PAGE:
Northern Territory Correctional Services Minister John Elferink says a company employing prisoners at a salt mine in central Australia is paying them award training wages.
Mr Elferink says the potash project near Curtin Springs, about 250 kilometres south-west of Alice Springs, has had trouble recruiting staff and is now training prisoners being provided by the Territory Government.
He says the company is paying award wages, which go towards costs such as salaries for security guards.
Mr Elferink says the prisoners are covered by workers' compensation insurance.
"I expect prisoners in the Northern Territory corrections system to work," he said.
"If they are particularly good at what they do, then we reward them with full-time work outside the prisons.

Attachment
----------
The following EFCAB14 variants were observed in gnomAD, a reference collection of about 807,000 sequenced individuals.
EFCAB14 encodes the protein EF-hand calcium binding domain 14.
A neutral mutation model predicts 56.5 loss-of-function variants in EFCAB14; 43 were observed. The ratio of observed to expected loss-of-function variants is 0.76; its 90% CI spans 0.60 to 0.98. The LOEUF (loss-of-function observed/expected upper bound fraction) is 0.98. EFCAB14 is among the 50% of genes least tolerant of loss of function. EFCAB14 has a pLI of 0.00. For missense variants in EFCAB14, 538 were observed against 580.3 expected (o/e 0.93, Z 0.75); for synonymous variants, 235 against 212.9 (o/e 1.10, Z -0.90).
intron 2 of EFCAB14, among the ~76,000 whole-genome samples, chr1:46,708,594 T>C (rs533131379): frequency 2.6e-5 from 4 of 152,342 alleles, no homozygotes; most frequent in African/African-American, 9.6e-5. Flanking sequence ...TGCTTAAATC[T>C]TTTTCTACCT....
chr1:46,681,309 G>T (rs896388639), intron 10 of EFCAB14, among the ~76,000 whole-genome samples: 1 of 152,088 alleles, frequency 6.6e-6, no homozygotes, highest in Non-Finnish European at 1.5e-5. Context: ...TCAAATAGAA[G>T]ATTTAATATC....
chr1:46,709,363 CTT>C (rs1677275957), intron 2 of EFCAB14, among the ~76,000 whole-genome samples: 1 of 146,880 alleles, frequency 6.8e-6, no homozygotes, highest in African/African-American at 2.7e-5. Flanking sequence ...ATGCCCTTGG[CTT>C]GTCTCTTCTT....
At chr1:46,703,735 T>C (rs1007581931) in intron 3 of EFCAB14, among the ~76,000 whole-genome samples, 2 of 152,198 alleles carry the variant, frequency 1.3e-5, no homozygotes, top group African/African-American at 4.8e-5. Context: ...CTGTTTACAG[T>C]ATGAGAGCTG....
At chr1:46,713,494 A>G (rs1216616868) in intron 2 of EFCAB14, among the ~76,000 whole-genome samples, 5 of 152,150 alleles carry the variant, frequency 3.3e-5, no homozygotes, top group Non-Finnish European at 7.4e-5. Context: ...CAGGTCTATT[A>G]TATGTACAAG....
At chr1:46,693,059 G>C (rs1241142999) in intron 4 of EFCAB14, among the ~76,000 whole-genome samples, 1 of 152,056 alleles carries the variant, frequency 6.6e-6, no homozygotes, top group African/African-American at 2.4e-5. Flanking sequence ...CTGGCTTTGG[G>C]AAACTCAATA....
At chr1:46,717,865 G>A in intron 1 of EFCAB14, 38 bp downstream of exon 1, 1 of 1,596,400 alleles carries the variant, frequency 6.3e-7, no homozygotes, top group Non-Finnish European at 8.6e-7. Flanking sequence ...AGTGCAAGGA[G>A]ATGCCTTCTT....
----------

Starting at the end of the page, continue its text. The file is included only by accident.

"So, if they work inside the prison, they will ultimately work outside the prison."
It is not known how many prisoners are working at the site.
The potash project is a joint venture between Rum Jungle Resources and Reward Minerals.
The Country Liberals Government introduced its 'Sentenced to a Job' program for prisoners in Territory jails earlier this year.
They can be used to work on both public and private projects.
Only prisoners in the lowest security classifications can take part in the scheme.
Of their earnings, 5 per cent goes to a victims' assistance fund and $125 a week is deducted to cover their board costs in jail.
The prisoners get $60 a week in spending money, and the remainder of what they are paid is put in to trust and they are paid a lump sum when released from custody.